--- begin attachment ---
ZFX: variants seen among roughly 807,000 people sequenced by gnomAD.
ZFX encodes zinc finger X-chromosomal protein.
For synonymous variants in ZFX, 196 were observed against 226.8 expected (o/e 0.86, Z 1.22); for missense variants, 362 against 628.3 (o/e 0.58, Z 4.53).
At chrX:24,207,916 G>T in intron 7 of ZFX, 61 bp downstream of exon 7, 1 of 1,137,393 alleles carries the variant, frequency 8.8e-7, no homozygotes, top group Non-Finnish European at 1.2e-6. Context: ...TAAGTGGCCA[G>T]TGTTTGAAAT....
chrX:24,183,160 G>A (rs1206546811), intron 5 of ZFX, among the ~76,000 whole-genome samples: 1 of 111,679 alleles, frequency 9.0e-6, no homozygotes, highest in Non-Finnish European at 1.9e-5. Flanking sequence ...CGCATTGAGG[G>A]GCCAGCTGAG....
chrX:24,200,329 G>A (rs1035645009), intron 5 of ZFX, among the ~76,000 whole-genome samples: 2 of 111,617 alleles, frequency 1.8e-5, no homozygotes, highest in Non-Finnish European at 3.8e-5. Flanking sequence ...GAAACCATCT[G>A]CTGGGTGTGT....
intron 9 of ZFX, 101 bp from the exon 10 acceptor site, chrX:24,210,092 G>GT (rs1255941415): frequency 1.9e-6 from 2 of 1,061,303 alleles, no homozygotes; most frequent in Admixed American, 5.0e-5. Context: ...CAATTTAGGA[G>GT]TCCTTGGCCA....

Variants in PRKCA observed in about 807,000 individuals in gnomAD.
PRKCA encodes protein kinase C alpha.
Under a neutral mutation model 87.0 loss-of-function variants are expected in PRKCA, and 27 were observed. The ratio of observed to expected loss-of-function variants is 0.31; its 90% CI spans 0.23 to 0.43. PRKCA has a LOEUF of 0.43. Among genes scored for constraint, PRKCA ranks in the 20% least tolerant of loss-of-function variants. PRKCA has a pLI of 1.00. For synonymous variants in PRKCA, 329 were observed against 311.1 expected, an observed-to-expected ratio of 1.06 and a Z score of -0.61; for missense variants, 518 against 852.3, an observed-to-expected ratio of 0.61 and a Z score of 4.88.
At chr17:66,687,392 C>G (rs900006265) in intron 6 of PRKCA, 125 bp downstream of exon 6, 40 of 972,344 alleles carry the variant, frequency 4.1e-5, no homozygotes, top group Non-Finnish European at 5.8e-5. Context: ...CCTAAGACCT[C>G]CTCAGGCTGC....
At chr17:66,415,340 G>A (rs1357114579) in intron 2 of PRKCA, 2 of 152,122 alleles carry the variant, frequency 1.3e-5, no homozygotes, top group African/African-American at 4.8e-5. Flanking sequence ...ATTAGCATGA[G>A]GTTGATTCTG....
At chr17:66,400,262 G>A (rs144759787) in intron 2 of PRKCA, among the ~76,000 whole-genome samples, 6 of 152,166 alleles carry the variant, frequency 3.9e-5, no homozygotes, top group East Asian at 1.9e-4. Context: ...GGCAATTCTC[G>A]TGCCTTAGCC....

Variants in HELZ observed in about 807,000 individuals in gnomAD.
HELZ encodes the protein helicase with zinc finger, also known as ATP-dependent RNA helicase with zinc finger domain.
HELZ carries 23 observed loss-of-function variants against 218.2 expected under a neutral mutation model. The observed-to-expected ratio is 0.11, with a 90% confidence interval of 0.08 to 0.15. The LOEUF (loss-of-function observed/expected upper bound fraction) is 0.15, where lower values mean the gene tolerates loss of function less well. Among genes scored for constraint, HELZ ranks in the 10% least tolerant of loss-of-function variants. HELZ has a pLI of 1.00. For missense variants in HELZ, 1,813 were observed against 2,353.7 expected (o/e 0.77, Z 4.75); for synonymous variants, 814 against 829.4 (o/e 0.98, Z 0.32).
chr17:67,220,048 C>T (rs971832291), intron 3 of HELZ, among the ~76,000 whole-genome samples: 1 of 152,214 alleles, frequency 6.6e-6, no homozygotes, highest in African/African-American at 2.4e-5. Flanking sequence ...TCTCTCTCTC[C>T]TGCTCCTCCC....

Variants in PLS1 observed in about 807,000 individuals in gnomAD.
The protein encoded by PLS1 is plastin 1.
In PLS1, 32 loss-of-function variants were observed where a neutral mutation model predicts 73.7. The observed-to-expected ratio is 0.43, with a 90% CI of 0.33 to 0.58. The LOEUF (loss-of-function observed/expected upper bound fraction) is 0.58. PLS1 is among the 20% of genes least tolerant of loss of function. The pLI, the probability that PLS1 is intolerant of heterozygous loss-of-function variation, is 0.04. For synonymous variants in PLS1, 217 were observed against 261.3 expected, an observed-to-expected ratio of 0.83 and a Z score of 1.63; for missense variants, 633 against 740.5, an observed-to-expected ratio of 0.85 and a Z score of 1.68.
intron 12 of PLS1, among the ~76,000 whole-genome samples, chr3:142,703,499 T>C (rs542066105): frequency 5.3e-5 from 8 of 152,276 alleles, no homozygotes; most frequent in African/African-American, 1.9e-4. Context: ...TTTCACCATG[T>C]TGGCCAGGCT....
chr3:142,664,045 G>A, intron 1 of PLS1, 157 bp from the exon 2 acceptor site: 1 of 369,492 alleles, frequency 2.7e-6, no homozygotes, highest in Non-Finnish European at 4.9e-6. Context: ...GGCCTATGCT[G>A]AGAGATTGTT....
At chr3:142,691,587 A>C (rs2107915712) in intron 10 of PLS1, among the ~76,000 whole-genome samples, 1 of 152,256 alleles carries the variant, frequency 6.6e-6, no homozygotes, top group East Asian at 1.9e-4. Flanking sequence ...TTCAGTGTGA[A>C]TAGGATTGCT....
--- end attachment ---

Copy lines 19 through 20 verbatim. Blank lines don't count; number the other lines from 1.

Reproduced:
The protein encoded by PLS1 is plastin 1.
In PLS1, 32 loss-of-function variants were observed where a neutral mutation model predicts 73.7. The observed-to-expected ratio is 0.43, with a 90% CI of 0.33 to 0.58. The LOEUF (loss-of-function observed/expected upper bound fraction) is 0.58. PLS1 is among the 20% of genes least tolerant of loss of function. The pLI, the probability that PLS1 is intolerant of heterozygous loss-of-function variation, is 0.04. For synonymous variants in PLS1, 217 were observed against 261.3 expected, an observed-to-expected ratio of 0.83 and a Z score of 1.63; for missense variants, 633 against 740.5, an observed-to-expected ratio of 0.85 and a Z score of 1.68.